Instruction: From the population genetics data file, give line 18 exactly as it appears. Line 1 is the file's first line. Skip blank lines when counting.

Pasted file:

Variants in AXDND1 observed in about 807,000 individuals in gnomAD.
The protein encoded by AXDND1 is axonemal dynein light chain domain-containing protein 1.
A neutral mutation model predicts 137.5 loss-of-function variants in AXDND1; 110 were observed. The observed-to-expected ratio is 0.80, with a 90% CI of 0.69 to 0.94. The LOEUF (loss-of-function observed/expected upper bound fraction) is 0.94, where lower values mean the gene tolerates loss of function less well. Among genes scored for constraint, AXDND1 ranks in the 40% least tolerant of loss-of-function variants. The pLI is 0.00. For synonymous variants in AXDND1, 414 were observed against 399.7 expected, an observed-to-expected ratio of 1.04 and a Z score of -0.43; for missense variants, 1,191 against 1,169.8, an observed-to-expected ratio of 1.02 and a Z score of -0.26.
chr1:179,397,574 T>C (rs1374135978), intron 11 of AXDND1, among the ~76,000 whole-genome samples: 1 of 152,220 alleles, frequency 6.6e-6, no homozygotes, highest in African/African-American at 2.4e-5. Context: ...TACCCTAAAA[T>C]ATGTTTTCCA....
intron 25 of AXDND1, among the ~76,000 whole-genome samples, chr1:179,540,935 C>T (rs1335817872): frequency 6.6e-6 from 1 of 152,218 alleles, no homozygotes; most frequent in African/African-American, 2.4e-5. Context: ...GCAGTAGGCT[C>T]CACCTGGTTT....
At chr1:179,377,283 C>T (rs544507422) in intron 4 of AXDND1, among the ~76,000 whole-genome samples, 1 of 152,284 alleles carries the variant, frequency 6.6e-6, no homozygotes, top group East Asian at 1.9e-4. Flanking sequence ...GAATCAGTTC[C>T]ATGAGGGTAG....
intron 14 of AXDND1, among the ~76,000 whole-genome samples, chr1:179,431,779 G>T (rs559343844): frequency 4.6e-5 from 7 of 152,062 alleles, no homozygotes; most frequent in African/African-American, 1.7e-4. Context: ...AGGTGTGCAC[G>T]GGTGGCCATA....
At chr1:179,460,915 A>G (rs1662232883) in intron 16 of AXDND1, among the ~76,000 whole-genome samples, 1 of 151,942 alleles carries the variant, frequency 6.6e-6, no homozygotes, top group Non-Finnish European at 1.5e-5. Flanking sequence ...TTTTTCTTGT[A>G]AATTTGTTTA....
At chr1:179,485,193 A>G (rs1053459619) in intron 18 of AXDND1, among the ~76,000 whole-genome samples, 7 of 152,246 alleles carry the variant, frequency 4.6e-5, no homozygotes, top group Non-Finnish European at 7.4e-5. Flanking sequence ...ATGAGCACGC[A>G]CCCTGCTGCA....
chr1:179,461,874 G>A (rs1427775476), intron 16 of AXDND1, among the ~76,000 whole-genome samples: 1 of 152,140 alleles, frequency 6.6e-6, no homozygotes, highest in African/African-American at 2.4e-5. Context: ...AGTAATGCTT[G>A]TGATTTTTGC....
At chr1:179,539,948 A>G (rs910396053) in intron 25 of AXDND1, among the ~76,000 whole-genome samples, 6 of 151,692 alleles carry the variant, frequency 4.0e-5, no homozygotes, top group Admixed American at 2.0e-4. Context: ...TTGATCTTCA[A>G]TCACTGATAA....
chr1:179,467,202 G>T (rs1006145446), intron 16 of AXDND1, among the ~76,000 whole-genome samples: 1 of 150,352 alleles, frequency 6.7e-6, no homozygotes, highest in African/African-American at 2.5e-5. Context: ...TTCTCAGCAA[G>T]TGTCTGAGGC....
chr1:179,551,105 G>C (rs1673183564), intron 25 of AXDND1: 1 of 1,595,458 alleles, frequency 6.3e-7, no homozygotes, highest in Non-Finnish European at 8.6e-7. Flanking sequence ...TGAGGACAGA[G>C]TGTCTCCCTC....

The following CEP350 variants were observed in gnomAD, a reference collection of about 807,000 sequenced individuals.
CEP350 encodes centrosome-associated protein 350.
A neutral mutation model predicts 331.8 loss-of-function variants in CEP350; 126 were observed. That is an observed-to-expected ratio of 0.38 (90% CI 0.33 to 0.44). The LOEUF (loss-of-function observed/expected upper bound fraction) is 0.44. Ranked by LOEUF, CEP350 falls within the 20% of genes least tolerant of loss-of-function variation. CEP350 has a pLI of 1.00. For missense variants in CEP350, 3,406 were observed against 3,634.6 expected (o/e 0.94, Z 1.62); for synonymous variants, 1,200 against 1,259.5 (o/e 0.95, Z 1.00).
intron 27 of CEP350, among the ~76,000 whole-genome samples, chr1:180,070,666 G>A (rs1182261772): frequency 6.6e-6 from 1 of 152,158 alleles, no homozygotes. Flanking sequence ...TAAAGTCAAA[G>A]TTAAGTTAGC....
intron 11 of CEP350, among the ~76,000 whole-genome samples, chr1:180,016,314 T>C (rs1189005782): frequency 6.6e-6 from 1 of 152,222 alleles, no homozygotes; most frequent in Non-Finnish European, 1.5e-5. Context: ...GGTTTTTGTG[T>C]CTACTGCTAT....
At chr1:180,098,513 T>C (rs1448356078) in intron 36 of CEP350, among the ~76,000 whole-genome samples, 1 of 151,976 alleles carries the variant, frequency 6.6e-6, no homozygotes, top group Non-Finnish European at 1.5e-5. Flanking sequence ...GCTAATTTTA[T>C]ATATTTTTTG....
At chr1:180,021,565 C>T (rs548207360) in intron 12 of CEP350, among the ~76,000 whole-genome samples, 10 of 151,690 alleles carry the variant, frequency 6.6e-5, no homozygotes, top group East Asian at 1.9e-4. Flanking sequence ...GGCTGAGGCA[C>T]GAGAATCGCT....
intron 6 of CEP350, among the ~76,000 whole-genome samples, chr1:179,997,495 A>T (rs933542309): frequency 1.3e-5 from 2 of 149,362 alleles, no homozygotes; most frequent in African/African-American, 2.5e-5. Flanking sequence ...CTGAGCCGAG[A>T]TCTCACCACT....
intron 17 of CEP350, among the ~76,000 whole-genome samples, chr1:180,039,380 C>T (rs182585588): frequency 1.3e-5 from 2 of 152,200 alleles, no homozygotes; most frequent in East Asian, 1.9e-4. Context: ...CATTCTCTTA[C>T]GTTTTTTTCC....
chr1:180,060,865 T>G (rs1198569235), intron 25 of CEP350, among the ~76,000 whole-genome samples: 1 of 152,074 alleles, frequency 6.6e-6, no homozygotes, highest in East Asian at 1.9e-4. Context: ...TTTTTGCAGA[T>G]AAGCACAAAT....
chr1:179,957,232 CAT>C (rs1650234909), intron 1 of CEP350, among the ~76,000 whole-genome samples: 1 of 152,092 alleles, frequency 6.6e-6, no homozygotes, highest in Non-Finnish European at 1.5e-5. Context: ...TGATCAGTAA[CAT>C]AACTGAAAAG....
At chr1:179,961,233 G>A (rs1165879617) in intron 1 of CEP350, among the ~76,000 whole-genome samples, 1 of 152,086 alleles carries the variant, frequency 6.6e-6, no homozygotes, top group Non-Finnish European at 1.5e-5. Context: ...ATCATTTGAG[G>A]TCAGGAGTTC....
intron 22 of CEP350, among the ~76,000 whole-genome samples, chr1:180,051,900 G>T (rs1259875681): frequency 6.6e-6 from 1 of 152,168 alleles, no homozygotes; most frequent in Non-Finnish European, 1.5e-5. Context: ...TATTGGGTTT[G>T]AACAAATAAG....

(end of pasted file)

intron 11 of CEP350, among the ~76,000 whole-genome samples, chr1:180,016,314 T>C (rs1189005782): frequency 6.6e-6 from 1 of 152,222 alleles, no homozygotes; most frequent in Non-Finnish European, 1.5e-5. Context: ...GGTTTTTGTG[T>C]CTACTGCTAT....